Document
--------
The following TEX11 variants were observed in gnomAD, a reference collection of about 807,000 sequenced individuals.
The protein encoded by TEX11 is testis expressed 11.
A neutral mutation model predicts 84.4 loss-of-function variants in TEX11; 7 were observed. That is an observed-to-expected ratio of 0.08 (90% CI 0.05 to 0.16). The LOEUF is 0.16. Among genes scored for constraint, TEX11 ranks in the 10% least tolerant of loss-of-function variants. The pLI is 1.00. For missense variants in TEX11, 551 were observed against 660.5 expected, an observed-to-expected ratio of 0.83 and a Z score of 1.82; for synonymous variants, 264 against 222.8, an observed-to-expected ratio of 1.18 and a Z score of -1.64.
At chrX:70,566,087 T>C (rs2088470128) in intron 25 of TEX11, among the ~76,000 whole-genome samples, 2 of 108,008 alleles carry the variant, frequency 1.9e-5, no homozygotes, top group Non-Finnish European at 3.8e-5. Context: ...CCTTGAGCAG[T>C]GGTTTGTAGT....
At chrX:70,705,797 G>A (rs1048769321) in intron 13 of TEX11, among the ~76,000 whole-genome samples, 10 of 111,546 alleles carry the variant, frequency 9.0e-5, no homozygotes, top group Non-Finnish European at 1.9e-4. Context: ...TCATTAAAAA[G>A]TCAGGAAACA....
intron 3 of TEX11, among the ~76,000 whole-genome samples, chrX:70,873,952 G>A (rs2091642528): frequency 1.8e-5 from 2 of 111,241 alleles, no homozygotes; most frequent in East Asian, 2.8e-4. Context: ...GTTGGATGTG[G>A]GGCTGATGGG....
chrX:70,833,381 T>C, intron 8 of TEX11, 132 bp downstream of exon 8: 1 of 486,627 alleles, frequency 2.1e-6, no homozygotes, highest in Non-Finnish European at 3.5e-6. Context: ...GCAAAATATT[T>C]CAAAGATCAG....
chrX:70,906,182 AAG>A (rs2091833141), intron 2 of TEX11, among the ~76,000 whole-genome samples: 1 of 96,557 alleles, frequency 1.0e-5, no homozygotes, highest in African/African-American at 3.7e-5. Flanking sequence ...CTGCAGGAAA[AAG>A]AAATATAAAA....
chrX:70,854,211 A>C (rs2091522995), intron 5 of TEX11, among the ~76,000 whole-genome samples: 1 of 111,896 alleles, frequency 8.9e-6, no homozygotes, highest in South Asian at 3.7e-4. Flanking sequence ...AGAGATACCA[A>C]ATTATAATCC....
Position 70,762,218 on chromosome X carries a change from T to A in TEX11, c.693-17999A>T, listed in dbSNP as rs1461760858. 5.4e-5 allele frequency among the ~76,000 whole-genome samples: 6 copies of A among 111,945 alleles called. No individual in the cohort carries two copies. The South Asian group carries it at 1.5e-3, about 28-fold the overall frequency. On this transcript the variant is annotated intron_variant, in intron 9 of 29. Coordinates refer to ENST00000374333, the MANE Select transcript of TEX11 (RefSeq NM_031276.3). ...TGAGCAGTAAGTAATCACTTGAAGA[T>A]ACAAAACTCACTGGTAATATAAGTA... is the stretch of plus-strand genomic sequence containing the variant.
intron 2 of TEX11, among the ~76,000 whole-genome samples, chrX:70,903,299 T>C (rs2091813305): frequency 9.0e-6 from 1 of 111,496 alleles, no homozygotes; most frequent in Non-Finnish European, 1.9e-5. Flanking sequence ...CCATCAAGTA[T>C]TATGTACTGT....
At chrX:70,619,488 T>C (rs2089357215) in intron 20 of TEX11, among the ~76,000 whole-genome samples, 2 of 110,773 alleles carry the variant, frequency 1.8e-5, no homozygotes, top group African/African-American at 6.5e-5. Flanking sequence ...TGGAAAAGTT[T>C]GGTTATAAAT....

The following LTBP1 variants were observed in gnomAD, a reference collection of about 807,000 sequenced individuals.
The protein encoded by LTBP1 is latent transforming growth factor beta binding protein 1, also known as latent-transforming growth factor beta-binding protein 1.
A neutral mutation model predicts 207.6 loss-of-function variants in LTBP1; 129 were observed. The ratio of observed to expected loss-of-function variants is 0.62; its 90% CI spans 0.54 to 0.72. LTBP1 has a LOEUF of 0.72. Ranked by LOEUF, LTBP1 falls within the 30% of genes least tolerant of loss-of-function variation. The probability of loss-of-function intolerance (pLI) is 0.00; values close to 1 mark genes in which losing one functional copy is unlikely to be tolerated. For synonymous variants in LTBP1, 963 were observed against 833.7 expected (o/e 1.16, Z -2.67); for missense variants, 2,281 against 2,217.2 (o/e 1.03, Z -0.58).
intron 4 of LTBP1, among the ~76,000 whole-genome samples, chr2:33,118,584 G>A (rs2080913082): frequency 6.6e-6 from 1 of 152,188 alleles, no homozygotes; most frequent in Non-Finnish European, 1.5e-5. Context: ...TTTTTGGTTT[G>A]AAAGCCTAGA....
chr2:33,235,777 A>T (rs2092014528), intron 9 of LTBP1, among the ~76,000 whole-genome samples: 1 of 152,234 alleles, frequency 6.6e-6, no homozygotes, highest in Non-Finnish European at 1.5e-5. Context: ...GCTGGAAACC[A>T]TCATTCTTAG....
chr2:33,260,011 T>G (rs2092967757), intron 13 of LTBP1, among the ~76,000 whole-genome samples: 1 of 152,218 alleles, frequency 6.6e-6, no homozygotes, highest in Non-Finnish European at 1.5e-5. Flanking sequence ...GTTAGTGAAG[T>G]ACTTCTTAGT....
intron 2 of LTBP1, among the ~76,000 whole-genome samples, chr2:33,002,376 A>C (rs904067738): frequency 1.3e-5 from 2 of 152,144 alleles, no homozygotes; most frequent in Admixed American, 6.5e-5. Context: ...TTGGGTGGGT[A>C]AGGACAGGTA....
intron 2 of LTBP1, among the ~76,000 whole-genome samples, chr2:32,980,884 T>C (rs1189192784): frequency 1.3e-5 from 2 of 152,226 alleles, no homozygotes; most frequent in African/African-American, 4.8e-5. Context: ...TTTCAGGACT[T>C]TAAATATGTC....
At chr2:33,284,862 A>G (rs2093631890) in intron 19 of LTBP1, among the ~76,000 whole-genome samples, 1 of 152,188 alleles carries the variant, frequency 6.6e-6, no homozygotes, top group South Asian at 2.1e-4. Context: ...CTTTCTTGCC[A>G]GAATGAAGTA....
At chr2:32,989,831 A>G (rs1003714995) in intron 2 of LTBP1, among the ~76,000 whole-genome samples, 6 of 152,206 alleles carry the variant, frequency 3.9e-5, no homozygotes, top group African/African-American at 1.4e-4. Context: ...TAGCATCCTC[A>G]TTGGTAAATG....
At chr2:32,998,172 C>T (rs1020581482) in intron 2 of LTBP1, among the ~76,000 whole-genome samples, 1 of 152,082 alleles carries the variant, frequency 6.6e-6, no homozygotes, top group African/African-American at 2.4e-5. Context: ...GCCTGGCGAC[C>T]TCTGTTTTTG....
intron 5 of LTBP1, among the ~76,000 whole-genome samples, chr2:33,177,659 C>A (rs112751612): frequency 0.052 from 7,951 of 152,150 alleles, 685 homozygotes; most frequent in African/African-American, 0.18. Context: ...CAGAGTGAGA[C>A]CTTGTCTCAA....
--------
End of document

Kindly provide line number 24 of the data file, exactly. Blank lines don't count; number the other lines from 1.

intron 5 of LTBP1, among the ~76,000 whole-genome samples, chr2:33,177,659 C>A (rs112751612): frequency 0.052 from 7,951 of 152,150 alleles, 685 homozygotes; most frequent in African/African-American, 0.18. Context: ...CAGAGTGAGA[C>A]CTTGTCTCAA....